Did you know that your oral health offers clues about your overall health – and that problems in your mouth can affect the rest of your body? There is growing evidence that supports the link between risk for periodontal disease and the development of other chronic diseases including cardiovascular disease, diabetes, certain cancers, and cognitive decline.

Personalised medicine, also known as precision medicine, uses an individual's genetic profile to guide decisions about the prevention, diagnosis, and treatment of disease.

Specific genetic testing, designed to reveal insights into the state of your oral health and your predisposition for developing periodontal disease and tooth caries, can also indicate whether you are at risk for other systemic diseases.

“Genetic factors are at the root cause of certain medical conditions,” says Helen Gautschi, Manager of R&D and education at DNAlysis Biotechnology, one of South Africa’s premier genetic testing laboratories.

“Our genetics are the building blocks for who and what we are. They play a large role in determining height, appearance, lifelong health, and so much more. Genetic testing examines DNA to give you insight into a broad range of matters, including mutations in your genes that may cause illness or disease. We encourage people to protect themselves by learning more about the connection between their oral and overall health.”

Gautschi says that once a genetic test for oral health has been conducted, patients are provided with a report that offers targeted, personalised diet, nutraceutical, lifestyle, and oral health recommendations to offset possible genetic weaknesses and optimise oral and systemic health outcomes.

“Our testing reports on 20 gene variations involved in key biological areas including innate immunity, inflammation and acquired immunity, sweet-tooth predisposition, detoxification, and lipid metabolism, all of which are essential in the management of periodontal and systemic health,” says Gautschi. “Testing is recommended for anyone over the age of 30, which is when gum disease starts to become more prevalent.”

The test is ideal for people who are about to undergo a dental procedure, those with a family or personal history of poor oral health, or who have amalgam fillings. It may also benefit those who are overweight, or have been diagnosed with coronary artery disease, diabetes or have uncontrolled blood glucose levels by providing further insight into these conditions.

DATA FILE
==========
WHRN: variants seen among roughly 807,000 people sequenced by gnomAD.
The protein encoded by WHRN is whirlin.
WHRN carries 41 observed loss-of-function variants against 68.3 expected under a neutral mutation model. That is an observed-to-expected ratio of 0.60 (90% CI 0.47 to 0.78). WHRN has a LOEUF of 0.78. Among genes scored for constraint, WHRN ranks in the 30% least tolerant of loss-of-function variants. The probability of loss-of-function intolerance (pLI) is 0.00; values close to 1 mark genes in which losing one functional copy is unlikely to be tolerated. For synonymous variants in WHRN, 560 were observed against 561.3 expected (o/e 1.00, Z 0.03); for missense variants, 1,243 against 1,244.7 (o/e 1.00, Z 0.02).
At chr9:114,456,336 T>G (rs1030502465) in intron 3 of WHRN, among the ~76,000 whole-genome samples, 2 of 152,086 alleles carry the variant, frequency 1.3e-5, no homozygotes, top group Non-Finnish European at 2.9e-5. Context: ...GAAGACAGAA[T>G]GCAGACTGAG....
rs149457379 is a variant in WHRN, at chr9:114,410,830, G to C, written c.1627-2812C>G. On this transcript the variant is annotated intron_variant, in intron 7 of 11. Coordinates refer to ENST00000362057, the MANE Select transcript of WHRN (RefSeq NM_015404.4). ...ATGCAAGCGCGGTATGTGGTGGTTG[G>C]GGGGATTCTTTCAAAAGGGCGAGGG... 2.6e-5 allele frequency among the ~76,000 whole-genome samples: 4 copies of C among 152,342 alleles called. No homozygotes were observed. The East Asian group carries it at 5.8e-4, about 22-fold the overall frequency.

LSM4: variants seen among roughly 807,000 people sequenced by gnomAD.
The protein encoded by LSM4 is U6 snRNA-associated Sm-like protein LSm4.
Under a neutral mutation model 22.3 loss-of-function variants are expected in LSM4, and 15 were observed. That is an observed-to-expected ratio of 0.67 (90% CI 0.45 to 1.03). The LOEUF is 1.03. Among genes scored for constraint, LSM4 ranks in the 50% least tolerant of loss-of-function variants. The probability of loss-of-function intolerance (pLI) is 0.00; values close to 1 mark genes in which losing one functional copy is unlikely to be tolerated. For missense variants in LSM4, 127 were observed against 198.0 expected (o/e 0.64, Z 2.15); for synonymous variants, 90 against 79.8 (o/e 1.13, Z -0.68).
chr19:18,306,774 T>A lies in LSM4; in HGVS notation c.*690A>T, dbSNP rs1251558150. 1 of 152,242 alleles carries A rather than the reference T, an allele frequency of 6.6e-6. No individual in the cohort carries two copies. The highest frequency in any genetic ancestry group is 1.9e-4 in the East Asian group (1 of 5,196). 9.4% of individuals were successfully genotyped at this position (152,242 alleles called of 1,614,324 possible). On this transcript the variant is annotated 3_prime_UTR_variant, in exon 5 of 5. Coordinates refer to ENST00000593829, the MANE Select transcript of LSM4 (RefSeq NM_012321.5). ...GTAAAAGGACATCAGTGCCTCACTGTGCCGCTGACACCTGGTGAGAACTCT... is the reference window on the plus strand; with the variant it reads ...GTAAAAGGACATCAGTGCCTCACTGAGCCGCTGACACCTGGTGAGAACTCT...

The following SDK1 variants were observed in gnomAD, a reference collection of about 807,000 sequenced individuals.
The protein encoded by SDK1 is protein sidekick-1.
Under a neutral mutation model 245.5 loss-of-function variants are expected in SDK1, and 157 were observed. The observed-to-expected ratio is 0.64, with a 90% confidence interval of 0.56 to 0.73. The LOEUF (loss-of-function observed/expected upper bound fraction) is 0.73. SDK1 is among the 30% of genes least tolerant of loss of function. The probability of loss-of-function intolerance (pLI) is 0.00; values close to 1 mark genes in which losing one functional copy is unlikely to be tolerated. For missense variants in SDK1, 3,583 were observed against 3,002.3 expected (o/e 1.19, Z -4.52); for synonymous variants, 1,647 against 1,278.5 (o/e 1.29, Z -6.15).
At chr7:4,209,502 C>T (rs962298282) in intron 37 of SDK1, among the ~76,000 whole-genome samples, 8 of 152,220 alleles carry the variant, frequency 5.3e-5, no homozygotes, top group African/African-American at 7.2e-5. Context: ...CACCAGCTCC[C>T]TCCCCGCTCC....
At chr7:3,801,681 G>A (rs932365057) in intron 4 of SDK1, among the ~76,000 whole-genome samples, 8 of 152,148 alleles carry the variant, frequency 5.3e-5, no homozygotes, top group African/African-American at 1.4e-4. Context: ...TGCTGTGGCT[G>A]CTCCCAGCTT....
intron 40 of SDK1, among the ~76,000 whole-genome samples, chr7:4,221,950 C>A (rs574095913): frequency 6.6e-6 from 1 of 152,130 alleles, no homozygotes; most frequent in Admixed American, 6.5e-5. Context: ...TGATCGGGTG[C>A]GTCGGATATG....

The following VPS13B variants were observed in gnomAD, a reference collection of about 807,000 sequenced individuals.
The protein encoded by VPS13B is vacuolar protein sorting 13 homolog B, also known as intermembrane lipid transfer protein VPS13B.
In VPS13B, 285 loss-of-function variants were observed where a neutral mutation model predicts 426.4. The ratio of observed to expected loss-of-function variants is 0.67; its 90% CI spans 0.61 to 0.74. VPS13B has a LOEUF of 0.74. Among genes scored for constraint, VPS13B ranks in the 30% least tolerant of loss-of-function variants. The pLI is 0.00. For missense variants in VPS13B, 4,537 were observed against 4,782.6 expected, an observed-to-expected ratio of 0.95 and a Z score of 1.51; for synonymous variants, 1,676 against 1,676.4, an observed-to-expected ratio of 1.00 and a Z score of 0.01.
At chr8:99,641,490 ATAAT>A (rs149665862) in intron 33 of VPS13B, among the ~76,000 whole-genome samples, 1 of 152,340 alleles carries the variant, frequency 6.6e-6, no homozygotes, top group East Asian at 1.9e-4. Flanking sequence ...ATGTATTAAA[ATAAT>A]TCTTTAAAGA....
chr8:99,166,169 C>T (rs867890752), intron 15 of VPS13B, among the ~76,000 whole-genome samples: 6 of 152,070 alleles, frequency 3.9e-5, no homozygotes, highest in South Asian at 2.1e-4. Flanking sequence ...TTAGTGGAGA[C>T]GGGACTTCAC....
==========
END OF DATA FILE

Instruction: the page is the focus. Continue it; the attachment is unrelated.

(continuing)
Dr Mary Dawjee, Associate Dentist at The Thinc Clinic in Johannesburg, says a large percentage of the population is at risk for gum disease, which is a major cause of tooth loss. “Recent research confirms that gum disease is actually a result of common genetic mutations,” says Dawjee.

“Certain genes cause an autoimmune response from bacteria, which leads to inflammation and tissue damage. Genetic testing provides early warning of modifiable risk factors in your genes and enables people to change the expression of these genes through the right diet, nutrition, lifestyle, and other interventions. It is like being given a manual for your body.”

Being aware of the risk factors to your health is empowering. “It’s about taking responsibility for your health. Once you know what the risks are, you can make the changes necessary to mitigate them. With people living longer, they can now also live better by knowing what steps to take to maintain quality of life,” says Gautschi.

Speak to your health practitioner about how a DNASmile genetic test can give you insights into the state of your oral health, help you mitigate risks and improve your overall health using gene-based, personalised, interventions.

Visit https://dnalysis.co.za to find an accredited practitioner or buy a DNA test online. A practitioner from the DNAlysis accredited network will guide you through the process.

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